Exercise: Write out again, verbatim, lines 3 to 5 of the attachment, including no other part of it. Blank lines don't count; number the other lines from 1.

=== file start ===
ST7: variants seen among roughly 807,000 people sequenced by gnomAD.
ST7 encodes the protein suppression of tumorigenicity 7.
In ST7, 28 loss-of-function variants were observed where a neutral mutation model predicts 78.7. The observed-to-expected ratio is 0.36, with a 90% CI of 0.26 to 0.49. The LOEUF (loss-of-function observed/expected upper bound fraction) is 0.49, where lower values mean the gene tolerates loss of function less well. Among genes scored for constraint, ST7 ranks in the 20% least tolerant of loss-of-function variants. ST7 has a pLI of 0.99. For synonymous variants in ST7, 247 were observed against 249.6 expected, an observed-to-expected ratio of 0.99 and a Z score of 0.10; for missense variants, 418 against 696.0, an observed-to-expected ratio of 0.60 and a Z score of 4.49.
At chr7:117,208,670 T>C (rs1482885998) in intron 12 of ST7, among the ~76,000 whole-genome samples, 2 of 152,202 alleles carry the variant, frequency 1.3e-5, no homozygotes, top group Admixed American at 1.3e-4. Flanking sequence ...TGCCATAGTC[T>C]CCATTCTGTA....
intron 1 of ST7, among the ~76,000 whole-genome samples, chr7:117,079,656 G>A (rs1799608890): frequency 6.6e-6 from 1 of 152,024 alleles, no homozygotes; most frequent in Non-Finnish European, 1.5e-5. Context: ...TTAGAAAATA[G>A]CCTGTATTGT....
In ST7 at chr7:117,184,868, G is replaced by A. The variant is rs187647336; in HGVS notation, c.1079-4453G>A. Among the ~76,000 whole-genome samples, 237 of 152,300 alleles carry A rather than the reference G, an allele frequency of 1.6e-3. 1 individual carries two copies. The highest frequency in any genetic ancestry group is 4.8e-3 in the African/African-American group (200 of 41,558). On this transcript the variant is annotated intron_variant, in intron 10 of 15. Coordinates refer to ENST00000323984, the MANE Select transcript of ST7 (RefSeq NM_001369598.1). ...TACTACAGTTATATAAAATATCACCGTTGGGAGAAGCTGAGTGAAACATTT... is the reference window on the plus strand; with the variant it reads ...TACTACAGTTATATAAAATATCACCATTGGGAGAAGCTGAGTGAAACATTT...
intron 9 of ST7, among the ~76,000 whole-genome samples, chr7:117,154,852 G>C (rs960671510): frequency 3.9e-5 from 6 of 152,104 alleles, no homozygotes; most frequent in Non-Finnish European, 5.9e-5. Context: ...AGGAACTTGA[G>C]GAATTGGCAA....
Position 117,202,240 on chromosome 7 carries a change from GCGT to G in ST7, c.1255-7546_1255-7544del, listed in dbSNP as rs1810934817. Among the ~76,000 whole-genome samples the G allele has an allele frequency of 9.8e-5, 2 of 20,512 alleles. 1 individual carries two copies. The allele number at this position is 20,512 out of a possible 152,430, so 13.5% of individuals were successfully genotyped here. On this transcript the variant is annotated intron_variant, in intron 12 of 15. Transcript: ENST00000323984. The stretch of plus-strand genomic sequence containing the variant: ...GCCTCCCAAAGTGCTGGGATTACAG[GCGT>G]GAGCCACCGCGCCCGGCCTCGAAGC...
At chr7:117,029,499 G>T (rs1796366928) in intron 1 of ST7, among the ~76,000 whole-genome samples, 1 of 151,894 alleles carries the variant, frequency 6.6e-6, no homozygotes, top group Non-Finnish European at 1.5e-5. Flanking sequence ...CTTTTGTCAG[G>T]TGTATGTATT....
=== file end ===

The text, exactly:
In ST7, 28 loss-of-function variants were observed where a neutral mutation model predicts 78.7. The observed-to-expected ratio is 0.36, with a 90% CI of 0.26 to 0.49. The LOEUF (loss-of-function observed/expected upper bound fraction) is 0.49, where lower values mean the gene tolerates loss of function less well. Among genes scored for constraint, ST7 ranks in the 20% least tolerant of loss-of-function variants. ST7 has a pLI of 0.99. For synonymous variants in ST7, 247 were observed against 249.6 expected, an observed-to-expected ratio of 0.99 and a Z score of 0.10; for missense variants, 418 against 696.0, an observed-to-expected ratio of 0.60 and a Z score of 4.49.
At chr7:117,208,670 T>C (rs1482885998) in intron 12 of ST7, among the ~76,000 whole-genome samples, 2 of 152,202 alleles carry the variant, frequency 1.3e-5, no homozygotes, top group Admixed American at 1.3e-4. Flanking sequence ...TGCCATAGTC[T>C]CCATTCTGTA....
intron 1 of ST7, among the ~76,000 whole-genome samples, chr7:117,079,656 G>A (rs1799608890): frequency 6.6e-6 from 1 of 152,024 alleles, no homozygotes; most frequent in Non-Finnish European, 1.5e-5. Context: ...TTAGAAAATA[G>A]CCTGTATTGT....